Every where you look these days there are dangers to our health, with water pollution being of highest concern, threatening our very existence.
The question remains; Who is responsible for the man made disasters? Unfortunately the truth is a lot harder to bear than you think! Yes, that’s right – You and I must take some of the responsibility. Every time you dispense with your plastic milk bottle you indirectly pollute the sea or landfill site. If you shower with micro abrasive shower gel, you affect the drinking water by introducing tiny plastic beads into the food chain. Maybe you know someone that carelessly empties the spent oil change down the drain.
Of course these seem minor offences when compared to the Corporate misdemeanors and natural disasters, but multiplied millions of times over and we are not so innocent after all.
Let’s take a look at what the main categories of water pollution are.
- Point Source Pollution – One source only
- Non Point Source Pollution – Many Sources
Point Source Pollution
This could include
- Municipal Sewage treatment flowing into the streams, seas and oceans
- Industrial waste
You may recall back in 2004 when the Pacific Ocean had an offshore 9.0 Megaquake better known as a Tsunami which caused waves of up to 10 metres (33ft) causing mass destruction. The most notable of all was the resulting disaster that crippled the Fukushima Atomic Power Station. The power supply was cut and in three days three reactors exploded and another caught fire. Although much has been done to stop the radioactive waste entering into the Pacific Ocean, the containers have proven unsatisfactory leaving contamination in the aquifers harming local residents. The Pacific Ocean since then has seen a massive 91% drop in the fish population and has even left it’s mark on the West Coast of America, Ireland and Scotland.
On the South Coast of Brazil in the Minas Gervais Region, lies a river known as Rio Doce, which literally means Sweet River. In November 2015 an Iron mine was repairing two dams when they both collapsed sending 60 million tonnes of toxic waste 310 miles downstream to the Atlantic Ocean devastating anything in its path.
The water management authorities who tested the sludge found Mercury, Arsenic, Chromium and Manganese at levels far higher than human could endure. The effects of water contamination here has decimated life in the area for generations to come.
At the mouth of the River Doce is the feeding and breeding ground for marine life. Thousands of fish birds and animals have already died, with many more facing a bleak future.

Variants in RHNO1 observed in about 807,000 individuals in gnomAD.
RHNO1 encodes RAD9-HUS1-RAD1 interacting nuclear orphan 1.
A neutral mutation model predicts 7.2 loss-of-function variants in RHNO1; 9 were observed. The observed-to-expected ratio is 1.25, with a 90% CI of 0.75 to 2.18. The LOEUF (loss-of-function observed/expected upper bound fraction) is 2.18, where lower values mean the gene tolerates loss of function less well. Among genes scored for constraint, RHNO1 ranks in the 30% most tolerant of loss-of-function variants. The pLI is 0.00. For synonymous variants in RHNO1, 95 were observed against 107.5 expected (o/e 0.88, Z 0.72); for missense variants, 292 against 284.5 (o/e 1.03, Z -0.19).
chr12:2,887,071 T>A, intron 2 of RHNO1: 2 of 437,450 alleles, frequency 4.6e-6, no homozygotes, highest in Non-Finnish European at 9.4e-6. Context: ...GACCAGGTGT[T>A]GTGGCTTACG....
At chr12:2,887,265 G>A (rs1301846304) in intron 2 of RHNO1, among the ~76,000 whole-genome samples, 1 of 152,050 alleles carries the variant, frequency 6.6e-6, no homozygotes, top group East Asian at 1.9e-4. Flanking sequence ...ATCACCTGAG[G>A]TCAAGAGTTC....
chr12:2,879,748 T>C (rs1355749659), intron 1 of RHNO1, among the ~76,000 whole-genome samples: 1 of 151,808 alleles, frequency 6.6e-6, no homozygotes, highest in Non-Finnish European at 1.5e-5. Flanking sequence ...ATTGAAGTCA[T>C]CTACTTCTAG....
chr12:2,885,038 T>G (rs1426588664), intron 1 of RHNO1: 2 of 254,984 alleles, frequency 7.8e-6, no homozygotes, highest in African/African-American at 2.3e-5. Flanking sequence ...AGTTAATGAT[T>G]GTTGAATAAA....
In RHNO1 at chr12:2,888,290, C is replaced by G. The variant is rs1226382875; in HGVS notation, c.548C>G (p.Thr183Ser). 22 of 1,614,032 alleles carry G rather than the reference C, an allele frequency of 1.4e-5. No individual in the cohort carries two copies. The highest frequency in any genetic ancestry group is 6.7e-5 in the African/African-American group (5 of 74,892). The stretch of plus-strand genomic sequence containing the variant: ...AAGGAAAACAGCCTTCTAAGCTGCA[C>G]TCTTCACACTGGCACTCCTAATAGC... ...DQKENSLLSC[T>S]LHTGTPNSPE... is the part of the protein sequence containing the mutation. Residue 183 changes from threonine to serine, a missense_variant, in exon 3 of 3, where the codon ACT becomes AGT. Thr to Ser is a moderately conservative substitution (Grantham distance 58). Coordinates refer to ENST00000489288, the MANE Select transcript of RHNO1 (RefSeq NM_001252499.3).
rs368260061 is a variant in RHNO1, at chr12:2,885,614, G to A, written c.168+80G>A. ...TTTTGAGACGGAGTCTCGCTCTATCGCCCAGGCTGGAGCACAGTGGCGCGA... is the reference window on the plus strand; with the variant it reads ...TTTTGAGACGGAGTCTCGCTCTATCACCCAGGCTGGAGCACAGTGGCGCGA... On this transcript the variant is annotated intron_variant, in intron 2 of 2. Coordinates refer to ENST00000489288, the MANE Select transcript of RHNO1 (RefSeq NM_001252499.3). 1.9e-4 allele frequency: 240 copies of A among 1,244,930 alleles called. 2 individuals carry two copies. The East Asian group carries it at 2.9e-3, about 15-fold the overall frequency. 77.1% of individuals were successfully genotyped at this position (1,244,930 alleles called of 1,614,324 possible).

A quarter of a million people had their drinking water turned off, forcing the Brazilian Armed Forces to distribute 440,000 liters of bottled mineral water. It has been suggested that it could be 100 years before the whole of the South East Coast is declared safe again.
Non Point Pollution
- Urban, Agricultural, Industrial and Construction runoff.
- Salt from irrigation or snow clearing practices
- Bacteria from livestock farms
Fracking has been a hot topic for a number of years now, as oil companies search for the earths rich reserves of gas deep in the earths crust.
This type of mining requires millions of gallons of water along with fracking fluid to be forced into Shale rock creating cracks in order to release the natural gas on each fracking operation. The problem with this is those chemicals used are both toxic and carcinogenic, and leave the state of the tap water flammable.
In 2002 Steve Lipsky took pictures and videos of him setting light to his drinking water. The Methane levels were such high levels that accompanied the water it led him to sue the owners of the mining operation Range Resources for $6.5 million as they were responsible for Fracking contamination at the hydraulic fracturing well. Texas and Pennsylvania are the key areas where these operations are more predominant in the US.
The backlash from this bad publicity combined with the drop in oil prices has resulted in many Fracking companies going into liquidation.
As the earth is made up of 75% water, you would think there would be enough for all 7.5 billion people to drink. However, as the oceans and seas make up 97.5%, and much of the remaining 2.5% is ice, we are left with less than 1% for drinking water.
I think we would all agree that since the Good Lord gave us the task of being custodians of this beautiful planet, the human race has done a pretty lousy job of looking after it. Since there have been so many natural and man made disasters so far this century of significant consequence, you would have thought lessons would be learned and tighter safeguards would be put in place to avoid this depletion of earths most vital asset. However, what we find is carbon emissions at the highest level in history, due to forest fires after felling operations, and an increase in Heavy Industrial output resulting in acid rainfall. Add to that the water authorities in 30 countries receiving fluoridation treatment (another highly toxic chemical) and Chemtrails (Aluminum Nitrate) being released from planes, it is no small wonder that many are falling sick.
Thankfully we have environmentalists such as Greenpeace who dared to defy Industrial and Commercial Corporations in the midst of their pollution dumping exercises, and led the way to see Government Policy change as a result of their brave maneuvers.
This is surely a time to be prepared for survival and ensure that we are careful to find the cleanest water possible so we drink water to keep our bodies free of contamination.